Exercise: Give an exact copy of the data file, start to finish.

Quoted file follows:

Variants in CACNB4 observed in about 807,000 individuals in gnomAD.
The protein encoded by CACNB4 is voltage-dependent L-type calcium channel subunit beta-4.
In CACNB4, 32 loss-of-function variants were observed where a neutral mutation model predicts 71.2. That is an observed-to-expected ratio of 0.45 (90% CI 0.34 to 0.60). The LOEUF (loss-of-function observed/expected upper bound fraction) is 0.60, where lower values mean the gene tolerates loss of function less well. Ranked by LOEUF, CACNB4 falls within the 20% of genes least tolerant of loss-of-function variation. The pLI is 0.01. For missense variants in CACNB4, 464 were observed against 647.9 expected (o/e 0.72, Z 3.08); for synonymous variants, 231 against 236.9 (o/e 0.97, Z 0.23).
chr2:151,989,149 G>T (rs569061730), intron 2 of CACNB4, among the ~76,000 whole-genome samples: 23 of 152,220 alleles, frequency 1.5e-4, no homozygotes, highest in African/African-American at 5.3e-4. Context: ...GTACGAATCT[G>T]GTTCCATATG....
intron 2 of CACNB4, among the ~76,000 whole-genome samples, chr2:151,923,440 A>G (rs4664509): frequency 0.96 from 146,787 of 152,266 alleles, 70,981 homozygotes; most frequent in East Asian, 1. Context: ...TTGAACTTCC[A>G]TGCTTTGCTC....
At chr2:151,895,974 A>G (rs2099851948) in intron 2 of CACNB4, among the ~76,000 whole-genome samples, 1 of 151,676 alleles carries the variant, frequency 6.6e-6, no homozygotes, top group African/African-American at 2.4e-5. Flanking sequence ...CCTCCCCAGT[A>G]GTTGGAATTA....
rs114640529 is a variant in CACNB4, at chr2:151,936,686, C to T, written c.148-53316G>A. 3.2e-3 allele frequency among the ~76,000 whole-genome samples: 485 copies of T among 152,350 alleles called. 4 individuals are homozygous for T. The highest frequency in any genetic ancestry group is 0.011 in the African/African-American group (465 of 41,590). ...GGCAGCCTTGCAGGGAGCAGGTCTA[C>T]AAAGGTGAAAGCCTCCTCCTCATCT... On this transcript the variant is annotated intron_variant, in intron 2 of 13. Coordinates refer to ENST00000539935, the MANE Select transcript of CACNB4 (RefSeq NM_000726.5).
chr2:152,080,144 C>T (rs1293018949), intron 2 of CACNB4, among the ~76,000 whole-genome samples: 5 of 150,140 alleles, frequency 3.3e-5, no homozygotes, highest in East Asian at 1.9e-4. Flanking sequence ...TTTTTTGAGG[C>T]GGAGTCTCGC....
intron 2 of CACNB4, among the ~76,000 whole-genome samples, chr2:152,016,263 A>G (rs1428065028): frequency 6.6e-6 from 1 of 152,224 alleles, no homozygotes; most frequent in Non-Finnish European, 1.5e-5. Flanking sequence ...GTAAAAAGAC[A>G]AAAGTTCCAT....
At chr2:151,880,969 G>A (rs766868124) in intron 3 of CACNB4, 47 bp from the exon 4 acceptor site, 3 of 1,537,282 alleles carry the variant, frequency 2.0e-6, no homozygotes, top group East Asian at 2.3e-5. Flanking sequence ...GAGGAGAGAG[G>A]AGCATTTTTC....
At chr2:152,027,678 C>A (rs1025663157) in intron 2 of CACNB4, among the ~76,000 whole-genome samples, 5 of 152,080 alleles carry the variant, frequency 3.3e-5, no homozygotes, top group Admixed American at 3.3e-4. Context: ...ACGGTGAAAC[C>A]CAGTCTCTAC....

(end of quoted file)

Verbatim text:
Variants in CACNB4 observed in about 807,000 individuals in gnomAD.
The protein encoded by CACNB4 is voltage-dependent L-type calcium channel subunit beta-4.
In CACNB4, 32 loss-of-function variants were observed where a neutral mutation model predicts 71.2. That is an observed-to-expected ratio of 0.45 (90% CI 0.34 to 0.60). The LOEUF (loss-of-function observed/expected upper bound fraction) is 0.60, where lower values mean the gene tolerates loss of function less well. Ranked by LOEUF, CACNB4 falls within the 20% of genes least tolerant of loss-of-function variation. The pLI is 0.01. For missense variants in CACNB4, 464 were observed against 647.9 expected (o/e 0.72, Z 3.08); for synonymous variants, 231 against 236.9 (o/e 0.97, Z 0.23).
chr2:151,989,149 G>T (rs569061730), intron 2 of CACNB4, among the ~76,000 whole-genome samples: 23 of 152,220 alleles, frequency 1.5e-4, no homozygotes, highest in African/African-American at 5.3e-4. Context: ...GTACGAATCT[G>T]GTTCCATATG....
intron 2 of CACNB4, among the ~76,000 whole-genome samples, chr2:151,923,440 A>G (rs4664509): frequency 0.96 from 146,787 of 152,266 alleles, 70,981 homozygotes; most frequent in East Asian, 1. Context: ...TTGAACTTCC[A>G]TGCTTTGCTC....
At chr2:151,895,974 A>G (rs2099851948) in intron 2 of CACNB4, among the ~76,000 whole-genome samples, 1 of 151,676 alleles carries the variant, frequency 6.6e-6, no homozygotes, top group African/African-American at 2.4e-5. Flanking sequence ...CCTCCCCAGT[A>G]GTTGGAATTA....
rs114640529 is a variant in CACNB4, at chr2:151,936,686, C to T, written c.148-53316G>A. 3.2e-3 allele frequency among the ~76,000 whole-genome samples: 485 copies of T among 152,350 alleles called. 4 individuals are homozygous for T. The highest frequency in any genetic ancestry group is 0.011 in the African/African-American group (465 of 41,590). ...GGCAGCCTTGCAGGGAGCAGGTCTA[C>T]AAAGGTGAAAGCCTCCTCCTCATCT... On this transcript the variant is annotated intron_variant, in intron 2 of 13. Coordinates refer to ENST00000539935, the MANE Select transcript of CACNB4 (RefSeq NM_000726.5).
chr2:152,080,144 C>T (rs1293018949), intron 2 of CACNB4, among the ~76,000 whole-genome samples: 5 of 150,140 alleles, frequency 3.3e-5, no homozygotes, highest in East Asian at 1.9e-4. Flanking sequence ...TTTTTTGAGG[C>T]GGAGTCTCGC....
intron 2 of CACNB4, among the ~76,000 whole-genome samples, chr2:152,016,263 A>G (rs1428065028): frequency 6.6e-6 from 1 of 152,224 alleles, no homozygotes; most frequent in Non-Finnish European, 1.5e-5. Flanking sequence ...GTAAAAAGAC[A>G]AAAGTTCCAT....
At chr2:151,880,969 G>A (rs766868124) in intron 3 of CACNB4, 47 bp from the exon 4 acceptor site, 3 of 1,537,282 alleles carry the variant, frequency 2.0e-6, no homozygotes, top group East Asian at 2.3e-5. Flanking sequence ...GAGGAGAGAG[G>A]AGCATTTTTC....
At chr2:152,027,678 C>A (rs1025663157) in intron 2 of CACNB4, among the ~76,000 whole-genome samples, 5 of 152,080 alleles carry the variant, frequency 3.3e-5, no homozygotes, top group Admixed American at 3.3e-4. Context: ...ACGGTGAAAC[C>A]CAGTCTCTAC....